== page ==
Coups and Crowing

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Brazilian Supreme Court Justice Alexandre de Moraes conducted a five-year investigation into so-called “digital militias” who support former right-wing Brazilian President Jair Bolsonaro.

As part of that probe, the judge banned 150 accounts on X, the social media app formerly known as Twitter, that were associated with the militias. Elon Musk, the American billionaire-entrepreneur who owns X, has however refused to comply with the order, wrote Al Jazeera.

“We are lifting all restrictions,” Musk posted on X in early April, according to CNBC. “This judge has applied massive fines, threatened to arrest our employees and cut off access to X in Brazil. As a result, we will probably lose all revenue in Brazil and have to shut down our office there. But principles matter more than profit.”

Musk added that he would expose Moraes’ corruption.

“Coming shortly, will publish everything demanded by (Alexandre de Moraes) and how those requests violate Brazilian law,” wrote Musk. “This judge has brazenly and repeatedly betrayed the constitution and people of Brazil. He should resign or be impeached. Shame, shame.”

This turn of events raises important questions, including about free speech, and the power of a tech billionaire. In Brazil, they also potentially could stoke deep divisions.

The same judge, for example, has also been investigating a coup attempt that Bolsonaro’s supporters launched in the capital of Brasilia last year after current left-wing President Luiz Inácio Lula da Silva took the presidency from Bolsonaro in the South American country’s 2022 election.

On Jan. 8, 2023, so-called Bolsonaristas “rampaged” through the Brazilian Congress and other branches of government, trashing offices, destroying national treasures, and calling for Lula’s removal from office, explained World Politics Review. The president, however, was not in town that day. Around 70 people were injured and six were taken to hospital with serious injuries, but nobody died, CNN reported.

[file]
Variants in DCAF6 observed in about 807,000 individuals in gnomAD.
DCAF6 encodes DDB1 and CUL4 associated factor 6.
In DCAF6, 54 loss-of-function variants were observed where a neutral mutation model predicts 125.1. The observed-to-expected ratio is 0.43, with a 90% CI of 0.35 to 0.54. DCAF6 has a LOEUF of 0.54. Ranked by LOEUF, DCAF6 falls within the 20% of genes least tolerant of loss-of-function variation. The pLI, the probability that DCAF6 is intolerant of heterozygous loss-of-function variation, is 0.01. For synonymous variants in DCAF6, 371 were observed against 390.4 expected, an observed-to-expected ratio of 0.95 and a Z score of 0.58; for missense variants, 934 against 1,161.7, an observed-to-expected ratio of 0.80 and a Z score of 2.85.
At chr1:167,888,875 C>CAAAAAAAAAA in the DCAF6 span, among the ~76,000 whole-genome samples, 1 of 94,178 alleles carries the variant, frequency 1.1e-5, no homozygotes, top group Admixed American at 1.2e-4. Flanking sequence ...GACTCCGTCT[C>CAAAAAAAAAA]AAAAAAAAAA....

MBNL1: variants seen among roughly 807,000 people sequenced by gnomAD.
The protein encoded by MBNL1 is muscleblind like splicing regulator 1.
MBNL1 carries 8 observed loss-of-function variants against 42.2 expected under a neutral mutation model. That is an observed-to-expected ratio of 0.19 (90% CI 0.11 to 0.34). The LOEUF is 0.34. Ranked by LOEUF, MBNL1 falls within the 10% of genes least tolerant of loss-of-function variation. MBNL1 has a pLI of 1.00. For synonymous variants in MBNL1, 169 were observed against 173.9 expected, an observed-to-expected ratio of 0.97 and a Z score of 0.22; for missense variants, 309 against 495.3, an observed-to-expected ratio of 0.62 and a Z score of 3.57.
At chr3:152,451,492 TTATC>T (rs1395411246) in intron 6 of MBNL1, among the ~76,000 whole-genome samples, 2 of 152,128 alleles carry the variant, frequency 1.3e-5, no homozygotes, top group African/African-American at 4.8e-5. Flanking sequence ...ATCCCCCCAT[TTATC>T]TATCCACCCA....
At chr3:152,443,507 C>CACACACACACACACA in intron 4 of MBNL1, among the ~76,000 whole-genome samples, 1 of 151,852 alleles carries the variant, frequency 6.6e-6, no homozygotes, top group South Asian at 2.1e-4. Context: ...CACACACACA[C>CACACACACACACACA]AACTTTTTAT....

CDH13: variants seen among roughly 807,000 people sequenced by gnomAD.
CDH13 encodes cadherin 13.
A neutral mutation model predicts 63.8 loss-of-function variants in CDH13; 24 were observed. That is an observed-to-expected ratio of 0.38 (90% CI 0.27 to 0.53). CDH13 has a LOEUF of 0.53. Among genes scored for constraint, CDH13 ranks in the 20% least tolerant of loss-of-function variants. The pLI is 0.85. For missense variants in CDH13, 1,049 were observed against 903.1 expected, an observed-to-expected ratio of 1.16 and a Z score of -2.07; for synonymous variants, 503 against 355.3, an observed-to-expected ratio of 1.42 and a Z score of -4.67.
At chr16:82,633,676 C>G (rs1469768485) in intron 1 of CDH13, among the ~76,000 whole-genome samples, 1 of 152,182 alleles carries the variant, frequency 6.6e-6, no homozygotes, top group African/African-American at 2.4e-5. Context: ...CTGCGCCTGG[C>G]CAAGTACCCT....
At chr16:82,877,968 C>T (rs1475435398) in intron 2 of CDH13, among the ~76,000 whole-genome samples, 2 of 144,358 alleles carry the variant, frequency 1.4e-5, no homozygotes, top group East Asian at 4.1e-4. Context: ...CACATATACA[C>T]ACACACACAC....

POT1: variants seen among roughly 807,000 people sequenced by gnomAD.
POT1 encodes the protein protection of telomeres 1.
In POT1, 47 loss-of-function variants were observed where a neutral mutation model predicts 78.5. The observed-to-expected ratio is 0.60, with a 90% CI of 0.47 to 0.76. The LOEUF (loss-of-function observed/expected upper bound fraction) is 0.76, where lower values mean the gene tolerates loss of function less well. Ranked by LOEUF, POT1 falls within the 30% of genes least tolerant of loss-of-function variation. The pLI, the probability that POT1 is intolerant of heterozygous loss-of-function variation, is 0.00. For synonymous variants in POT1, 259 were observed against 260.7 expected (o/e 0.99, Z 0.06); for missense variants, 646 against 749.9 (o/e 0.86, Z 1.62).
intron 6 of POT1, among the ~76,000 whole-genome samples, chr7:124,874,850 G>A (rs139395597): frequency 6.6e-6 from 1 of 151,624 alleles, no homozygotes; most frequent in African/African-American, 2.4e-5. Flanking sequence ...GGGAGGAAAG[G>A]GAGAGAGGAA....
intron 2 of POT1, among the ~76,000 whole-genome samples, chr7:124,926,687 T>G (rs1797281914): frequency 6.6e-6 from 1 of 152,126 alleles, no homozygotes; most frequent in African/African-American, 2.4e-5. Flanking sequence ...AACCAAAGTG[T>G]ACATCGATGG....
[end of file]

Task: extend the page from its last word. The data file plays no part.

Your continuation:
Today, Bolsonaro faces potential charges of insurrection. The investigation into the failed coup recently revealed, for instance, that the ex-president plotted to remain in power despite losing the popular vote, but also that his military officers threatened to arrest him, the Associated Press noted.

Bolsonaristas, meanwhile, draw parallels between their movement and the justice’s attempt to silence Musk, a darling of free-market conservatives, libertarian-leaning right-wingers, free-thinking futurists, and others worldwide, wrote the Guardian. Recently, thousands of Bolsonaro supporters have taken to the streets in Rio de Janeiro to support the entrepreneur.

Musk’s critics at the New Republic, meanwhile, contended that he was meddling in Brazilian affairs.

Regardless, amid the protests and the outrage flowing from X, Bolsonaro was recently indicted for falsifying his Covid-19 vaccination data, marking the first indictment for the embattled far-right leader, Le Monde reported. And, the French newspaper noted, more is sure to come.

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